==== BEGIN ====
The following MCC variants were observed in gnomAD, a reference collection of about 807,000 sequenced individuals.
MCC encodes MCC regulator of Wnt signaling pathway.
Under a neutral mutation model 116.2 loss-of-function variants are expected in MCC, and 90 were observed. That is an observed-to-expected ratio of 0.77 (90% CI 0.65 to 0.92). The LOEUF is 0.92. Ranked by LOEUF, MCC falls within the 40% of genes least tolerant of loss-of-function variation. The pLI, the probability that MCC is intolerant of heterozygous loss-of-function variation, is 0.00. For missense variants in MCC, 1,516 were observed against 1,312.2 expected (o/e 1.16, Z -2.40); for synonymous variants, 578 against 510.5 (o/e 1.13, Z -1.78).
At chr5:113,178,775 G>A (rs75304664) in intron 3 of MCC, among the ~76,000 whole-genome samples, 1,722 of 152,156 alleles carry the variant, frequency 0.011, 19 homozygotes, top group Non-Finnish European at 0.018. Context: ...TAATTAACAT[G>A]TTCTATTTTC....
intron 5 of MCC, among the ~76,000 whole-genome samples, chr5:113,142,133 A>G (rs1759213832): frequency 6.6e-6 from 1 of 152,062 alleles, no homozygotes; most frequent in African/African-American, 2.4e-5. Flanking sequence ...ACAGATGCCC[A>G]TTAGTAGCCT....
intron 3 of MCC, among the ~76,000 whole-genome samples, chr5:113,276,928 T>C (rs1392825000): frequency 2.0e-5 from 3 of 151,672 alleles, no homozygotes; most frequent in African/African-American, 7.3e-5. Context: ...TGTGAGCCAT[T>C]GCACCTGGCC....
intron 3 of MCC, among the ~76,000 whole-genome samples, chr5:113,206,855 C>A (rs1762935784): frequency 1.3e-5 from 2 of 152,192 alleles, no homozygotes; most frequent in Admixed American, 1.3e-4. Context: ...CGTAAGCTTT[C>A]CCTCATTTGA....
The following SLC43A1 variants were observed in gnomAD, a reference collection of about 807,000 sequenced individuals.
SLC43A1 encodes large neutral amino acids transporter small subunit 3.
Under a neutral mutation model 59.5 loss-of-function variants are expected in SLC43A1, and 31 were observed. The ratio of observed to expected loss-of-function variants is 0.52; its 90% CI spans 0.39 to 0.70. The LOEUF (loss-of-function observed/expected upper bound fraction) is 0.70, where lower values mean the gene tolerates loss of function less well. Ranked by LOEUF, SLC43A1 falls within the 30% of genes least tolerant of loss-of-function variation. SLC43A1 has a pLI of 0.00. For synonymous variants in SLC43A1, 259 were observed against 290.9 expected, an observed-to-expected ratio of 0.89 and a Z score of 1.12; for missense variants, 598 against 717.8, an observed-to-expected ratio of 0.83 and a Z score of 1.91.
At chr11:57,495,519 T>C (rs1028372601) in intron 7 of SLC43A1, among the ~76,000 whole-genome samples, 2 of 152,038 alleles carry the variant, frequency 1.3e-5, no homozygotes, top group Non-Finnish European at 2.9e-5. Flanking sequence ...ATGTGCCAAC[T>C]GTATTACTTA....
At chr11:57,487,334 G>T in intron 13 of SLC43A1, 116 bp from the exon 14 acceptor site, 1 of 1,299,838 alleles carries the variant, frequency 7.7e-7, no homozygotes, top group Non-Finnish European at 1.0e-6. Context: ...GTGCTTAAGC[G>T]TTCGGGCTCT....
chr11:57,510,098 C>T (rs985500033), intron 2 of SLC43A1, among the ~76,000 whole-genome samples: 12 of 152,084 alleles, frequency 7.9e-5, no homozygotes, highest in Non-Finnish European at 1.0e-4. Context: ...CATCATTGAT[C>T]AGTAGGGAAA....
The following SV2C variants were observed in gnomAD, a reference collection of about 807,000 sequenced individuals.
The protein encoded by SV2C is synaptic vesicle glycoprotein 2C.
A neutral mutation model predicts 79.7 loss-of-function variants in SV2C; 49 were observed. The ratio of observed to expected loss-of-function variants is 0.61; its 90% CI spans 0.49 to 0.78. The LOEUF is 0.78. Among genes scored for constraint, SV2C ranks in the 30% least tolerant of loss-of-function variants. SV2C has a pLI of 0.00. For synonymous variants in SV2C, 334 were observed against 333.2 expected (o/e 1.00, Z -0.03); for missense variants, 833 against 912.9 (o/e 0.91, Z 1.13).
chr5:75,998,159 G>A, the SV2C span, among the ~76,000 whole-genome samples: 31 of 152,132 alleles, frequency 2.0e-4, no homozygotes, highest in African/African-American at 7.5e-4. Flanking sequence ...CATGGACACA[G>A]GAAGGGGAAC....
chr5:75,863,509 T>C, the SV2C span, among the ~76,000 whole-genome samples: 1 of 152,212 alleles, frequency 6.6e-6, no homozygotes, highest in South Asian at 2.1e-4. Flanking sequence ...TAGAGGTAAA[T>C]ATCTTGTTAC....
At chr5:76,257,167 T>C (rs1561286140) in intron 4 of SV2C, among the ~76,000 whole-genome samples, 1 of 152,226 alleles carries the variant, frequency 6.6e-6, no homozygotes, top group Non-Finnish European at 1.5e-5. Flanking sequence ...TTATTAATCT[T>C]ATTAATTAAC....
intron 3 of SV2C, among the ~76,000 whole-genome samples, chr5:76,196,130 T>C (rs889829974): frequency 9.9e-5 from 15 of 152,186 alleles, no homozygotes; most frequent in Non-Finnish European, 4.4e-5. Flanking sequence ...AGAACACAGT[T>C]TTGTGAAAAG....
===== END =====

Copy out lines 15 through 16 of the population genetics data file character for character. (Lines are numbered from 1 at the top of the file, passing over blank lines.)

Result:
The protein encoded by SV2C is synaptic vesicle glycoprotein 2C.
A neutral mutation model predicts 79.7 loss-of-function variants in SV2C; 49 were observed. The ratio of observed to expected loss-of-function variants is 0.61; its 90% CI spans 0.49 to 0.78. The LOEUF is 0.78. Among genes scored for constraint, SV2C ranks in the 30% least tolerant of loss-of-function variants. SV2C has a pLI of 0.00. For synonymous variants in SV2C, 334 were observed against 333.2 expected (o/e 1.00, Z -0.03); for missense variants, 833 against 912.9 (o/e 0.91, Z 1.13).